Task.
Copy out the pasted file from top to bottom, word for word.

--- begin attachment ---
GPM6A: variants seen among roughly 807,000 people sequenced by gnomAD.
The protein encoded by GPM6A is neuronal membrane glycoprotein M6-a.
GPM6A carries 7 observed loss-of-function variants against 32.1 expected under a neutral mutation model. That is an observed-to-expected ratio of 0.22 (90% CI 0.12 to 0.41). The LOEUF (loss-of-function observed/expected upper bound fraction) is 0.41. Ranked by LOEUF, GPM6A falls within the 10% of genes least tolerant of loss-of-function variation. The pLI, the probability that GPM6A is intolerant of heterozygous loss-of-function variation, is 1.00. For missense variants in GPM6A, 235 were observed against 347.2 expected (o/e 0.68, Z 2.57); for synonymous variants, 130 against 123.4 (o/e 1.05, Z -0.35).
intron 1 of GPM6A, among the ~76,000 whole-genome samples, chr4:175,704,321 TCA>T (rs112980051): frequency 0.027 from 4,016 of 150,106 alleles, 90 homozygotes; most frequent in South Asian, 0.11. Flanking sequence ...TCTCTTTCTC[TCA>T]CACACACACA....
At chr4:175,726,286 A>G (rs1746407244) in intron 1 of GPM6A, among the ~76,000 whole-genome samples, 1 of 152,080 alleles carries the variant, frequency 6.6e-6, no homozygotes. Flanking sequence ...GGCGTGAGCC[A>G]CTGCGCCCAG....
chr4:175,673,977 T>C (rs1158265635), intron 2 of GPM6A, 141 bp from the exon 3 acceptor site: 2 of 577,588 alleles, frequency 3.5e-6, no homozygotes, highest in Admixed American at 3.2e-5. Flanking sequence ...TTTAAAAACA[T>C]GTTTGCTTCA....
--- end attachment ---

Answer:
GPM6A: variants seen among roughly 807,000 people sequenced by gnomAD.
The protein encoded by GPM6A is neuronal membrane glycoprotein M6-a.
GPM6A carries 7 observed loss-of-function variants against 32.1 expected under a neutral mutation model. That is an observed-to-expected ratio of 0.22 (90% CI 0.12 to 0.41). The LOEUF (loss-of-function observed/expected upper bound fraction) is 0.41. Ranked by LOEUF, GPM6A falls within the 10% of genes least tolerant of loss-of-function variation. The pLI, the probability that GPM6A is intolerant of heterozygous loss-of-function variation, is 1.00. For missense variants in GPM6A, 235 were observed against 347.2 expected (o/e 0.68, Z 2.57); for synonymous variants, 130 against 123.4 (o/e 1.05, Z -0.35).
intron 1 of GPM6A, among the ~76,000 whole-genome samples, chr4:175,704,321 TCA>T (rs112980051): frequency 0.027 from 4,016 of 150,106 alleles, 90 homozygotes; most frequent in South Asian, 0.11. Flanking sequence ...TCTCTTTCTC[TCA>T]CACACACACA....
At chr4:175,726,286 A>G (rs1746407244) in intron 1 of GPM6A, among the ~76,000 whole-genome samples, 1 of 152,080 alleles carries the variant, frequency 6.6e-6, no homozygotes. Flanking sequence ...GGCGTGAGCC[A>G]CTGCGCCCAG....
chr4:175,673,977 T>C (rs1158265635), intron 2 of GPM6A, 141 bp from the exon 3 acceptor site: 2 of 577,588 alleles, frequency 3.5e-6, no homozygotes, highest in Admixed American at 3.2e-5. Flanking sequence ...TTTAAAAACA[T>C]GTTTGCTTCA....